Madden NFL 13 Review
Let's put it this way: there's a reason NFL promos used to feature rival helmets colliding
Well, before helmet-to-helmet contact was banned, that is. Still, collision is the core of football. Bodies, minds, wills... all butting against each other, vying for position. When two such forces meet, unpredictability is the yield, and that's what makes football so compelling. And so it stands to reason then, that the Madden NFL series would make capturing this dynamism priority number one. But though the franchise has always purported to be the definitive football simulation, its yearly entries have always had an air of determinism about them that's seldom found in the real game. Technical limitations and an inside-the-box design philosophy combined to hinder the development of Madden's internal mechanisms. And so, when the game's engine was asked to respond to on-field happenings, its outputs frequently came off as stilted and familiar.
Those outputs came in the form of a limited set of canned animations and commentary. Combine such flaws with Madden's exhaustive repository of player statistics, and you'd be forgiven for thinking that the game was inclined to just do what its metrics told it to, irrespective of your participation. Who wouldn't furrow their brow the dozenth time their pass ricocheted inexplicably off a player's hands, the commentators chiming in helpfully with the same quip that you heard two plays ago? In the face of such obstacles to enjoyment, and under the steady barrage of an annual release schedule, ennui would be an expected reaction for most gamers. Madden's needed some big changes for a while now. That's what makes this year's version, with its new "Infinity" engine, such a breath of fresh air. Madden 13 contains a smattering of additional new features, but it's Infinity, by and large, that really changes the experience. The new physics system injects life straight into the game's core, and takes a big step towards revitalizing the tired franchise in the process.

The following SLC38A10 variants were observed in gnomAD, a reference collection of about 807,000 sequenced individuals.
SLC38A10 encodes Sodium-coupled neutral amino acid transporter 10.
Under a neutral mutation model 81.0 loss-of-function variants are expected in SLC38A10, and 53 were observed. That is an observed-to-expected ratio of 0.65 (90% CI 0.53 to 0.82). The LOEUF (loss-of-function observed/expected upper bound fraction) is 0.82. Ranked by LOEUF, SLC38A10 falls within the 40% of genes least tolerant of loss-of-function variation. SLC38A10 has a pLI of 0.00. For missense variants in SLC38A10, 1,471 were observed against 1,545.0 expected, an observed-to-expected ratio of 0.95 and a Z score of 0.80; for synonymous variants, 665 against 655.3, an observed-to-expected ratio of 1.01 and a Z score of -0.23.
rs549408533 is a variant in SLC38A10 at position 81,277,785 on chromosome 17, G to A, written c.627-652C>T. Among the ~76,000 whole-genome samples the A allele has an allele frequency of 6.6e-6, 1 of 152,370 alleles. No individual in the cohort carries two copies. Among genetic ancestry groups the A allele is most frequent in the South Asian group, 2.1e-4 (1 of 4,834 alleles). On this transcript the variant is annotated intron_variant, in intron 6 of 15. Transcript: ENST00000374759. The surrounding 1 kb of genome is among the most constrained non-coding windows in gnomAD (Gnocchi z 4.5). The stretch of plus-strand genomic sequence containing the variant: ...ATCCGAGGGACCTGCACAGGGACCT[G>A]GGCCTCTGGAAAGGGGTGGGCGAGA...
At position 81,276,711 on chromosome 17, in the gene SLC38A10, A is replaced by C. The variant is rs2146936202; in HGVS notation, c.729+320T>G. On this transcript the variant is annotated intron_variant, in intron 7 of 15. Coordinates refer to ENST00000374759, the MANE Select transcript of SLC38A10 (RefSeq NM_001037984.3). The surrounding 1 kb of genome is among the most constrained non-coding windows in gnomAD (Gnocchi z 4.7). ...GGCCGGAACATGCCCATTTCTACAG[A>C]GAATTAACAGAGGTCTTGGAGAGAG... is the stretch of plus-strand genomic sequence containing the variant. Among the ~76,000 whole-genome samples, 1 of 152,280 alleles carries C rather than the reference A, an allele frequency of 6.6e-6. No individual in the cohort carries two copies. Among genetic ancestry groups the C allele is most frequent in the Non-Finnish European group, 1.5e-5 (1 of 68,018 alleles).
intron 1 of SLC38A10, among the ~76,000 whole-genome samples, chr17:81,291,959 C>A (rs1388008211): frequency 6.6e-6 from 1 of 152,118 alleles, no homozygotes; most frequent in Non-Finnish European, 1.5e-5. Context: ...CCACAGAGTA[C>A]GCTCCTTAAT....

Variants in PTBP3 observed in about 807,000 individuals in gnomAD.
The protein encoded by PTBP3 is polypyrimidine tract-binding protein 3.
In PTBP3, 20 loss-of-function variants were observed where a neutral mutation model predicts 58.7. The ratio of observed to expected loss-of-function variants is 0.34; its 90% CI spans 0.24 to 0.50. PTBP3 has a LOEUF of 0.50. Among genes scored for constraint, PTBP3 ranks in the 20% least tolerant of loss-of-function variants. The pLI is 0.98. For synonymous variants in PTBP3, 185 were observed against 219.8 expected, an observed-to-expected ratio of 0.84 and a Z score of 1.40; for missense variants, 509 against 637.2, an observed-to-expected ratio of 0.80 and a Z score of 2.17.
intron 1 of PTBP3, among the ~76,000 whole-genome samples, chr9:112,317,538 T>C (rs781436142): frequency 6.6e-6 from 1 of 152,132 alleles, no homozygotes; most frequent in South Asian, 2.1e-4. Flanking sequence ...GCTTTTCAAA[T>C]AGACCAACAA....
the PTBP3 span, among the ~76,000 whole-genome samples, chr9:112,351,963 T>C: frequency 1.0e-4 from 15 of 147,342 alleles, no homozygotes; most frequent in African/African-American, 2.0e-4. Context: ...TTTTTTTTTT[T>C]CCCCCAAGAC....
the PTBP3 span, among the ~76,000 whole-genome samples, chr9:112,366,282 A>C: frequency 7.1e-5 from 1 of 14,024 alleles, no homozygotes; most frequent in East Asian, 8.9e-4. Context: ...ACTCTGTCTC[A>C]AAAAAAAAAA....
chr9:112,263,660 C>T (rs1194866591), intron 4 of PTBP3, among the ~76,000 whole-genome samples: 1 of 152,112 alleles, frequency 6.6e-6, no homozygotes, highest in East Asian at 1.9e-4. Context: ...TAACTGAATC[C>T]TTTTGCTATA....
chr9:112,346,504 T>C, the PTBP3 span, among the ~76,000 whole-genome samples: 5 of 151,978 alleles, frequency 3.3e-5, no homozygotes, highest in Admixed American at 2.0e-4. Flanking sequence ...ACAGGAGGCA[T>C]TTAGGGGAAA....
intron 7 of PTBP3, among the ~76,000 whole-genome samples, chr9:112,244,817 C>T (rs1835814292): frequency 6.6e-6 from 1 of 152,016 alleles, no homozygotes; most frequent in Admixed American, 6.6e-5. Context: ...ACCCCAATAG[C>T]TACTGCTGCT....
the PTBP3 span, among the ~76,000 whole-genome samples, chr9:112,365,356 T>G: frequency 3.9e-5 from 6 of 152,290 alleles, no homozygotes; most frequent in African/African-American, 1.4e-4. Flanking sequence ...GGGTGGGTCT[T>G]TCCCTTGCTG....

That's not all apparent when you first turn the game on, however. Madden has a well-deserved reputation for following a step forward with another step right back, and that tendency is on display right from the get-go here. Gone is the obnoxious cocktail of popular music (replaced with NFL Films-esque audio that's pleasant, if a little vanilla). But one viewing of the game's overly-long and melodramatic introduction will dispel any notions that Madden has lost its showy bravado and preoccupation with presentation aspects you care the least about. A commendable job has been done consolidating the various game modes into a more manageable package, but the interface buries any earned goodwill underneath a pile of redundant menus and saving systems. We're all used to this sort of horizontal movement from the Madden franchise. EA Sports struggles to parse out which features should remain through subsequent iterations, and which areas could do with improvement. Another casualty of the annual release schedule, perhaps.
It’s a tendency that carries over through all features, from game modes and menus to on-the field action. Franchise mode returns, now under the comprehensive "Connected Careers" umbrella, which can support 32 players competing as players or coaches. But it’s difficult to tell if options that you select in one menu affect those of the Career Mode. Some menu sliders don’t appear to work at all. Create a Player is still there, along with its myriad sock customization options, but Create a Team, sadly, is still just a forgotten relic. There's a sort of card game in the form of "Ultimate Teams" that's an enjoyable diversion, and the usual set of online matchmaking options make an appearance. Commentary is generally improved by the more natural-sounding play-by-play of Jim Nantz and Phil Simms, but issues of repetition and curious calls persist. And for as smooth as the action typically looks, player models are beginning to look fairly dated, and in-game advertising remains stubbornly present. It’s give and take.